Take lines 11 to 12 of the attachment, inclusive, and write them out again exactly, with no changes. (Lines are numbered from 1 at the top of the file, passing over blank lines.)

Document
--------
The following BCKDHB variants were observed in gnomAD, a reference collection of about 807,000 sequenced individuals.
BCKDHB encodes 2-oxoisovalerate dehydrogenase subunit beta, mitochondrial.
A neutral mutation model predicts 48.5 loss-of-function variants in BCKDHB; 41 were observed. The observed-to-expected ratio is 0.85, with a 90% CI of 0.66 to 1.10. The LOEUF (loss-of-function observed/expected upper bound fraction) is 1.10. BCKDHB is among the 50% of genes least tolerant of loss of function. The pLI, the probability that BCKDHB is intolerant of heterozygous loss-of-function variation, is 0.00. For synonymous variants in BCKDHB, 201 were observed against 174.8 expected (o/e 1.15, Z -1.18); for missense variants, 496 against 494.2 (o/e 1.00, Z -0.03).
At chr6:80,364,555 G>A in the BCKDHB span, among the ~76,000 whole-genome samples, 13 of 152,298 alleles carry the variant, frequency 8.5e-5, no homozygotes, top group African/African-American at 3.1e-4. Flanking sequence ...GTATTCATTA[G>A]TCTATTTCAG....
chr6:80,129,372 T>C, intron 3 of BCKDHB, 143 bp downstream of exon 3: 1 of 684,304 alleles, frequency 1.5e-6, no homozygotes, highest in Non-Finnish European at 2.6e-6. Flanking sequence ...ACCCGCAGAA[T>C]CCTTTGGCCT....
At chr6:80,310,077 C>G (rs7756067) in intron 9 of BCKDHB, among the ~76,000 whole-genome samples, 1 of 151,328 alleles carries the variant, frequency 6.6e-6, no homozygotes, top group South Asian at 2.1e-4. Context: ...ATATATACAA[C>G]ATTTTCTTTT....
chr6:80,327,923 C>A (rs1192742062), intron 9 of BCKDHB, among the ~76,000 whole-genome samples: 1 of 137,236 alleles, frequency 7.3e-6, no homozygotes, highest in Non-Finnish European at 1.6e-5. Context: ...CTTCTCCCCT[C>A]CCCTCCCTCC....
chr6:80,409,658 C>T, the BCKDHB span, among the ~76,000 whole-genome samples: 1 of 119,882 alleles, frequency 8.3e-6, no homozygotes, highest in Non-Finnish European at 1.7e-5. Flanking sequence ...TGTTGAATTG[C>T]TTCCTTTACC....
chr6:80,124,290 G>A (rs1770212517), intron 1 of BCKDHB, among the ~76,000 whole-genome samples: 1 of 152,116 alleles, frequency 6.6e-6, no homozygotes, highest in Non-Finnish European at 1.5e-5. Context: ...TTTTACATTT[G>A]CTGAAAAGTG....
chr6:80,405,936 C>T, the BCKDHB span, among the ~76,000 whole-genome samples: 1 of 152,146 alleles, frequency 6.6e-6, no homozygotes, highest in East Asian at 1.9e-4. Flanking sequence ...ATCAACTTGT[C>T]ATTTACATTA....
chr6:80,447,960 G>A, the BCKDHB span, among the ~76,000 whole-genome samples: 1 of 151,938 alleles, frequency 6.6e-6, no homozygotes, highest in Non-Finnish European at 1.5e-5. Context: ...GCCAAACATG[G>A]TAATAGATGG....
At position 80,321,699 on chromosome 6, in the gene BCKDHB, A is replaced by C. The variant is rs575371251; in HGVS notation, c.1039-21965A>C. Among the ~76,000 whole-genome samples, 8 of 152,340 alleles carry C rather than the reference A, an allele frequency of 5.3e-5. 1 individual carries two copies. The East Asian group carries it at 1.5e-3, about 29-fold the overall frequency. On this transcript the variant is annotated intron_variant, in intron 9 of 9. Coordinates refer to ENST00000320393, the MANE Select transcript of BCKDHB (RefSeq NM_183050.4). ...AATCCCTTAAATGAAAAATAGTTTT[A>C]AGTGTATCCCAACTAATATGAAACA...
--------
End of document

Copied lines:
chr6:80,447,960 G>A, the BCKDHB span, among the ~76,000 whole-genome samples: 1 of 151,938 alleles, frequency 6.6e-6, no homozygotes, highest in Non-Finnish European at 1.5e-5. Context: ...GCCAAACATG[G>A]TAATAGATGG....
At position 80,321,699 on chromosome 6, in the gene BCKDHB, A is replaced by C. The variant is rs575371251; in HGVS notation, c.1039-21965A>C. Among the ~76,000 whole-genome samples, 8 of 152,340 alleles carry C rather than the reference A, an allele frequency of 5.3e-5. 1 individual carries two copies. The East Asian group carries it at 1.5e-3, about 29-fold the overall frequency. On this transcript the variant is annotated intron_variant, in intron 9 of 9. Coordinates refer to ENST00000320393, the MANE Select transcript of BCKDHB (RefSeq NM_183050.4). ...AATCCCTTAAATGAAAAATAGTTTT[A>C]AGTGTATCCCAACTAATATGAAACA...